Ann-Marie slid her finger under the flap and worked out several pages; Beau tried not to look up, but he couldn't help it. Three, at least, sheets of paper, crammed margin to margin with his brother's painfully angular handwriting. There were several harsh marks, either underlining or words that were crossed out. Ann-Marie glanced at him over the edge of the paper. "Beau," she said, warningly.
"I know, I know." He turned on the bench, staring away from her. Watching people pass on the sidewalks on their way to class or clubs, lunch or lectures, the library or the coffee shop. People who didn't have their world collapsing on them. Or maybe they did. It's not like he often worried much about how other people were doing, just how he was coping. And the answer to that was, not bloody well.
"He's still being a dick," Ann-Marie pronounced. As per their agreement, she tore the letter up. Beau winced every time the sound of ripping paper reached his ears until he was practically cowering on the bench with his arms thrown over his head in surrender. He wasn't, not really. On the outside he was cool, detached, as always. On the inside, he was screaming, beating his fists against the walls of his brain, tearing great gouges out of his own flesh.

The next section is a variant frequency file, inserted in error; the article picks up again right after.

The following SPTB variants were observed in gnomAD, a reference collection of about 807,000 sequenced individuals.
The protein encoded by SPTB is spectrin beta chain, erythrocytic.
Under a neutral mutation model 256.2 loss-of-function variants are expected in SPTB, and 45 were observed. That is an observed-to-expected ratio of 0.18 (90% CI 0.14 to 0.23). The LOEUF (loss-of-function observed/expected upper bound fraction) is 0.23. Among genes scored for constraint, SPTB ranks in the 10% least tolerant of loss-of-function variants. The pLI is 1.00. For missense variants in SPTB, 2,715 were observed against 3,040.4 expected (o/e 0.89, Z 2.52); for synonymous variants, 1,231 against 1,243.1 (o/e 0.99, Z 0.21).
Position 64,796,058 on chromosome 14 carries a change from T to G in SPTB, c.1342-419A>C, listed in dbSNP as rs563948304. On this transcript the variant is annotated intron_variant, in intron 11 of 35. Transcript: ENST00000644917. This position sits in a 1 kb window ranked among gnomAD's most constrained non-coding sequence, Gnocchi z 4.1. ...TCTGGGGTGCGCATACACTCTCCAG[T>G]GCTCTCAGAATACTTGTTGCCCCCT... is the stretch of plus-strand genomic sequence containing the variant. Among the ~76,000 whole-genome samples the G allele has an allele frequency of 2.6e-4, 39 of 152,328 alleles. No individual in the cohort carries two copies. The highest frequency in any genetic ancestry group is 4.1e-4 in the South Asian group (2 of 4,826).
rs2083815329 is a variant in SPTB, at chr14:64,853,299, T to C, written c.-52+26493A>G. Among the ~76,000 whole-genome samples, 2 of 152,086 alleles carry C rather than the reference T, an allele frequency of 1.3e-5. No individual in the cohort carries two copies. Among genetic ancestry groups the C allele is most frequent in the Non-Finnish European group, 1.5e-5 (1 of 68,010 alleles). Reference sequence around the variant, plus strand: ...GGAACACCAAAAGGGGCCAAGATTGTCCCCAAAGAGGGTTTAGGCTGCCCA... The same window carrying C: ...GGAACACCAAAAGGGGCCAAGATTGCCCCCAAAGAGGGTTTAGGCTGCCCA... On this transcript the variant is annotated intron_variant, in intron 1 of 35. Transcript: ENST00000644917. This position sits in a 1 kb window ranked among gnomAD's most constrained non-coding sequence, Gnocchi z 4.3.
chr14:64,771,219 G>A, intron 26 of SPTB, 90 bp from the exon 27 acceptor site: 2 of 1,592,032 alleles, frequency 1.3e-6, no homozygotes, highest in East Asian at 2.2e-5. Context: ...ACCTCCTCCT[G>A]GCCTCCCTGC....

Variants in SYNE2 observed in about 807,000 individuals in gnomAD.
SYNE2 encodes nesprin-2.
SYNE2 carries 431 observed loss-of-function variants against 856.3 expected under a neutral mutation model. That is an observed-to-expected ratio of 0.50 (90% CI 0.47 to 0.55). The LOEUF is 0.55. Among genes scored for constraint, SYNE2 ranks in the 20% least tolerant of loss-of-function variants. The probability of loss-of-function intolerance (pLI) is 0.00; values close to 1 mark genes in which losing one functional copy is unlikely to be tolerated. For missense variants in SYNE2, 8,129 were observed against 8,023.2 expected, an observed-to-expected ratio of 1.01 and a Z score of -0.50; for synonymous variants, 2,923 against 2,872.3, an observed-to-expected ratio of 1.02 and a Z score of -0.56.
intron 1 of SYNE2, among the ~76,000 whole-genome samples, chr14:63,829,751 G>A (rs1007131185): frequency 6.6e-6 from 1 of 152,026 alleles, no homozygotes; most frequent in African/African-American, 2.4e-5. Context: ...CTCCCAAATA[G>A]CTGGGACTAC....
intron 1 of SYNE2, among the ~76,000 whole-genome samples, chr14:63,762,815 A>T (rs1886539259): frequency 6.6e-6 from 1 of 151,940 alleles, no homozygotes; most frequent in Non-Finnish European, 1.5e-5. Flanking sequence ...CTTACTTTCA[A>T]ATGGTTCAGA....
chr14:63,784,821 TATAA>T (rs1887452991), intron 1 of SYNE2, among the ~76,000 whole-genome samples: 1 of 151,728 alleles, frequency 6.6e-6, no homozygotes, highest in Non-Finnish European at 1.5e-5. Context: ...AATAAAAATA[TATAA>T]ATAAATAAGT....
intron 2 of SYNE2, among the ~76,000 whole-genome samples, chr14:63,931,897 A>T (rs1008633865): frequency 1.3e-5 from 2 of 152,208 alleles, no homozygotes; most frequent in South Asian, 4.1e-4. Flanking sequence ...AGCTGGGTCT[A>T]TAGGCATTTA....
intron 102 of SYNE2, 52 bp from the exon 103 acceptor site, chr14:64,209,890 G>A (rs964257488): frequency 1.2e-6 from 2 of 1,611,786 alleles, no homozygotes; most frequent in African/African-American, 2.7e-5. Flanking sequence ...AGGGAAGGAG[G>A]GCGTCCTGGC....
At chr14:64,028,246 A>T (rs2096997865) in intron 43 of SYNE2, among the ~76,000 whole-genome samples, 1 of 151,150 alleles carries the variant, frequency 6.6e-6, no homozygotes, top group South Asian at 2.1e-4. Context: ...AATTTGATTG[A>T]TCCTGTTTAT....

"I ain't surprised," he said.
Ann-Marie crumpled up the shreds and tossed them in the trash can. She cracked open one of the cards. "Birthday card. It's your birthday? You never said."
"Next week," Beau said.
"How old will you be?" She checked the inside of the card and then dropped it in his lap.
"Oh, Aunt Lucy," he said, reading through the quick note. There was a check, too. Shit. Five hundred dollars? How the hell could she afford that on her retirement income? "Um, twenty."